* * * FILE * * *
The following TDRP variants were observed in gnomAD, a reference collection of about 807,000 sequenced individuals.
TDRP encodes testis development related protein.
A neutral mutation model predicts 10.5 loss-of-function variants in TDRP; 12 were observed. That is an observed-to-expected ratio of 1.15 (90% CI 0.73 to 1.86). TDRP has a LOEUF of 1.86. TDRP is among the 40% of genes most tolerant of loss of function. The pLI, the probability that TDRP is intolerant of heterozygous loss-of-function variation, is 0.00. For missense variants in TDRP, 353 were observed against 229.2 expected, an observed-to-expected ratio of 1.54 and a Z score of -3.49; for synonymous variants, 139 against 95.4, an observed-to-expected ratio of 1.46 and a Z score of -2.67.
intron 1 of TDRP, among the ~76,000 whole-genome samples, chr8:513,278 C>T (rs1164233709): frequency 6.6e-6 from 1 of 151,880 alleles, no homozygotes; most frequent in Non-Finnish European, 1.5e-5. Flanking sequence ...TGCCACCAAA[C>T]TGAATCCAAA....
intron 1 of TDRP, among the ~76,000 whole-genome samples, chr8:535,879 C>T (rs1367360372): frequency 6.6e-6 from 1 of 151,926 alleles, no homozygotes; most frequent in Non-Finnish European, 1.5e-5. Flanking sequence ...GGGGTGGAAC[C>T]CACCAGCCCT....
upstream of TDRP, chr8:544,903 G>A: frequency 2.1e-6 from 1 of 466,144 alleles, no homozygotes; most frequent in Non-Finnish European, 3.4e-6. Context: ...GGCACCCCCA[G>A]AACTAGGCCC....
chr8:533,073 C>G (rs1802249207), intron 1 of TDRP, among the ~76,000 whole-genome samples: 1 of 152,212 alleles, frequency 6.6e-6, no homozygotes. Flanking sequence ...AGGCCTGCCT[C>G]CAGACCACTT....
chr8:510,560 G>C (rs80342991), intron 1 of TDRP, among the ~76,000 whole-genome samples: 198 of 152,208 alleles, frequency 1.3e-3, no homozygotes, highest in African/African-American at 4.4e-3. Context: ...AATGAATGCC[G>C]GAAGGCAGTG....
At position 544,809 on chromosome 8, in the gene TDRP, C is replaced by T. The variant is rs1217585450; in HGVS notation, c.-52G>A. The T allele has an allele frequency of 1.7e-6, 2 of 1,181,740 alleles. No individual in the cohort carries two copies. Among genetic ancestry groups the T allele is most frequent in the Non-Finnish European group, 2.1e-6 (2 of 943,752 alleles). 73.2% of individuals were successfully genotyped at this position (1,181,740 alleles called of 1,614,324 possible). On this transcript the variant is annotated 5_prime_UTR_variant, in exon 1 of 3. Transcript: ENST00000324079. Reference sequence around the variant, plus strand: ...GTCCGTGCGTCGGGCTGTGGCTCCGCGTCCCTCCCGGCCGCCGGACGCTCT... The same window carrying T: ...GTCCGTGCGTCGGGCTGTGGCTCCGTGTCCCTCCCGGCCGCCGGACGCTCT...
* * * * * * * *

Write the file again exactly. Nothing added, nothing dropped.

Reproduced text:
The following TDRP variants were observed in gnomAD, a reference collection of about 807,000 sequenced individuals.
TDRP encodes testis development related protein.
A neutral mutation model predicts 10.5 loss-of-function variants in TDRP; 12 were observed. That is an observed-to-expected ratio of 1.15 (90% CI 0.73 to 1.86). TDRP has a LOEUF of 1.86. TDRP is among the 40% of genes most tolerant of loss of function. The pLI, the probability that TDRP is intolerant of heterozygous loss-of-function variation, is 0.00. For missense variants in TDRP, 353 were observed against 229.2 expected, an observed-to-expected ratio of 1.54 and a Z score of -3.49; for synonymous variants, 139 against 95.4, an observed-to-expected ratio of 1.46 and a Z score of -2.67.
intron 1 of TDRP, among the ~76,000 whole-genome samples, chr8:513,278 C>T (rs1164233709): frequency 6.6e-6 from 1 of 151,880 alleles, no homozygotes; most frequent in Non-Finnish European, 1.5e-5. Flanking sequence ...TGCCACCAAA[C>T]TGAATCCAAA....
intron 1 of TDRP, among the ~76,000 whole-genome samples, chr8:535,879 C>T (rs1367360372): frequency 6.6e-6 from 1 of 151,926 alleles, no homozygotes; most frequent in Non-Finnish European, 1.5e-5. Flanking sequence ...GGGGTGGAAC[C>T]CACCAGCCCT....
upstream of TDRP, chr8:544,903 G>A: frequency 2.1e-6 from 1 of 466,144 alleles, no homozygotes; most frequent in Non-Finnish European, 3.4e-6. Context: ...GGCACCCCCA[G>A]AACTAGGCCC....
chr8:533,073 C>G (rs1802249207), intron 1 of TDRP, among the ~76,000 whole-genome samples: 1 of 152,212 alleles, frequency 6.6e-6, no homozygotes. Flanking sequence ...AGGCCTGCCT[C>G]CAGACCACTT....
chr8:510,560 G>C (rs80342991), intron 1 of TDRP, among the ~76,000 whole-genome samples: 198 of 152,208 alleles, frequency 1.3e-3, no homozygotes, highest in African/African-American at 4.4e-3. Context: ...AATGAATGCC[G>C]GAAGGCAGTG....
At position 544,809 on chromosome 8, in the gene TDRP, C is replaced by T. The variant is rs1217585450; in HGVS notation, c.-52G>A. The T allele has an allele frequency of 1.7e-6, 2 of 1,181,740 alleles. No individual in the cohort carries two copies. Among genetic ancestry groups the T allele is most frequent in the Non-Finnish European group, 2.1e-6 (2 of 943,752 alleles). 73.2% of individuals were successfully genotyped at this position (1,181,740 alleles called of 1,614,324 possible). On this transcript the variant is annotated 5_prime_UTR_variant, in exon 1 of 3. Transcript: ENST00000324079. Reference sequence around the variant, plus strand: ...GTCCGTGCGTCGGGCTGTGGCTCCGCGTCCCTCCCGGCCGCCGGACGCTCT... The same window carrying T: ...GTCCGTGCGTCGGGCTGTGGCTCCGTGTCCCTCCCGGCCGCCGGACGCTCT...